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Kick-Ass – Tarquin Pack interview

Kick-Ass

Interview by Rob Carnevale

TARQUIN Pack talks about some of the challenges of producing Kick-Ass, working with director Matthew Vaughn and casting Chloe Moretz as Hit-Girl. He also discusses, albeit briefly, a Kick-Ass sequel and X-Men: First Class.

Q. Thanks for talking to us… Kick Ass is undoubtedly one of the movies of the year. So, how does it feel to be sitting here now with that in mind, given how hard you had to work to get it made outside of the studio system?
Tarquin Pack: Amazing… it’s incredible. You feel a tremendous sense of vindication, I guess. Everybody told us ‘no’ and that we couldn’t do it, but we didn’t listen. And we were right. I guess it would have felt really shit if they had been right. But one of my favourite things to have achieved, as well, is just how broad the movie plays to audiences. It was always kind of obvious to us that we’d get a young male audience, but one of the things we managed to achieve is that it also plays really well to women.

That’s another of the things that makes me so proud about it. It has a much broader range than people give it credit for. I mean, the one-Iine pitch is a bunch of kids pretending to be superheroes, including an 11-year-old girl who has knives and swears. Taken on that level, it’s not the type of film you’d take your mum to go and see. But I took my mum and she absolutely loved it. And when I asked if she was just saying that because of my involvement, she insisted that she really did love it and told all of her friends to go and see it [laughs].

Q. So, with hindsight, was that the best thing that could have happened to the film… making it outside of the studio system?
Tarquin Pack: Yeah, without a doubt. We might have been able to make it with a studio but it wouldn’t have been the film you see today. It’s just one of those weird things, though… by the time we completed the movie and they all saw it, everyone loved it. But these were the same people who didn’t love it before-hand. And, in particular, they didn’t like Hit-Girl. It wasn’t even so much the morality thing… all they cared about was whether or not people would go and see the movie. They were absolutely adamant that the key audience would not go and see a movie in which a 12-year-old girl is killing people… that young boys wouldn’t think it was cool. But I’m not an entirely ancient male and it wasn’t that long ago I was a part of that demographic, and I’m pretty sure I would have thought it was cool back then. I think it’s really cool. They suggested making her 18 and doing it, but we said ‘no’ because that would be a totally different movie. Not, sure enough, they’re saying things like: “You should have had more Hit Girl…” Or: “Can we have a Hit Girl spin off?” [Laughs]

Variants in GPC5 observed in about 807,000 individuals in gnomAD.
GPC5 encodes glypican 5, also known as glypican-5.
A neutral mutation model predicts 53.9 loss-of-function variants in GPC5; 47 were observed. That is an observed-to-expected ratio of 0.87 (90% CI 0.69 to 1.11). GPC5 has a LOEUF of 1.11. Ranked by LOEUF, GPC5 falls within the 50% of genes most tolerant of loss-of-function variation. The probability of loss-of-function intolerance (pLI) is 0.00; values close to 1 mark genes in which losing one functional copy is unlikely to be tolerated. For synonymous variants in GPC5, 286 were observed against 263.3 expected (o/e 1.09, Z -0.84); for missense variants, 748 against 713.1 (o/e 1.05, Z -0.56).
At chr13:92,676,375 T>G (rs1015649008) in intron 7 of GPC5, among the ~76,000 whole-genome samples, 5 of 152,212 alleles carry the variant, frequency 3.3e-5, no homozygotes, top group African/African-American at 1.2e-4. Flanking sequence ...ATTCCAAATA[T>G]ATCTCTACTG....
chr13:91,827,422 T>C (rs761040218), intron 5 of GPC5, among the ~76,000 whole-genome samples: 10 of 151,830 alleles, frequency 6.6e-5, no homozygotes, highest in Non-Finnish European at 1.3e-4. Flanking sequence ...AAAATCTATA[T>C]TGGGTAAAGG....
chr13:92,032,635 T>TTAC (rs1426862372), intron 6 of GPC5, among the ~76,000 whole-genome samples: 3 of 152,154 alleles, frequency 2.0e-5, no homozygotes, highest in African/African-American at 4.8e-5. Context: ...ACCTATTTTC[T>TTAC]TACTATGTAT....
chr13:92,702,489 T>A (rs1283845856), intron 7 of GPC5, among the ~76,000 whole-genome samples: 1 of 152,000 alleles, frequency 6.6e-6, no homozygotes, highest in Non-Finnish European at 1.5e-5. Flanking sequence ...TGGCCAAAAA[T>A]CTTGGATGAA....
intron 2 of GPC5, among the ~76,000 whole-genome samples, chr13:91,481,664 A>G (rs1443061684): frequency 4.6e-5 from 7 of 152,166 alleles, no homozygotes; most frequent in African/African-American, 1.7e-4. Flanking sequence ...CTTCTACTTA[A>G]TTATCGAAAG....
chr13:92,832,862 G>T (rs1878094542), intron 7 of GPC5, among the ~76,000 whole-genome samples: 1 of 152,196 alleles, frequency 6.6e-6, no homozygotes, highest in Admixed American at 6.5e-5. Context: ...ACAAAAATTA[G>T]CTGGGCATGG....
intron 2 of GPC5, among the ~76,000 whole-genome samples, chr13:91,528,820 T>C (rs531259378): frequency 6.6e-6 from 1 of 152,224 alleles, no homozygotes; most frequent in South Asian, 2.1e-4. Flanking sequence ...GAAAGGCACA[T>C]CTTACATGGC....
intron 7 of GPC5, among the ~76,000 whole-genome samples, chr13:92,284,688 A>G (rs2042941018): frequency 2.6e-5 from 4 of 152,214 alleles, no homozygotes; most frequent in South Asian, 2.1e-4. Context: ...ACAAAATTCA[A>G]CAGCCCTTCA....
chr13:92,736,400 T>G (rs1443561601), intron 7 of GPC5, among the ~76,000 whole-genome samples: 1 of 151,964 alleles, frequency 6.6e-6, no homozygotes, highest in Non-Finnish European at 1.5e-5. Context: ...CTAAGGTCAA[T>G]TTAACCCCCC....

Q. So just how easy was it getting Hit Girl right? I mean, you can see the concerns. Hollywood needs to take more risks, but there were many ways in which this could have gone wrong?
Tarquin Pack: Luckily, my job isn’t to put that level of nuance into the movie, I guess that’s testament to the job that Matthew [Vaughn] did as director. Tonally, this film had to tread such a fine line – one degree either way and we could have gone wrong. If it was a little bit softer, then the studios would have been right and it wouldn’t have appealed to the hardcore male audience… they would have turned their backs. If we’d gone harder, it would have been uncomfortable for the vast majority of people. But Matthew managed to get the tone spot on. I’m not saying it’s perfect, and there will be bits people like and don’t like about it, but somehow he managed to persuade the vast majority, and I still don’t know quite how, that something that’s really, really wrong can be so right and really enjoyable too.

Q. So how is your relationship with Matthew progressing now that you’ve worked on so many movies together?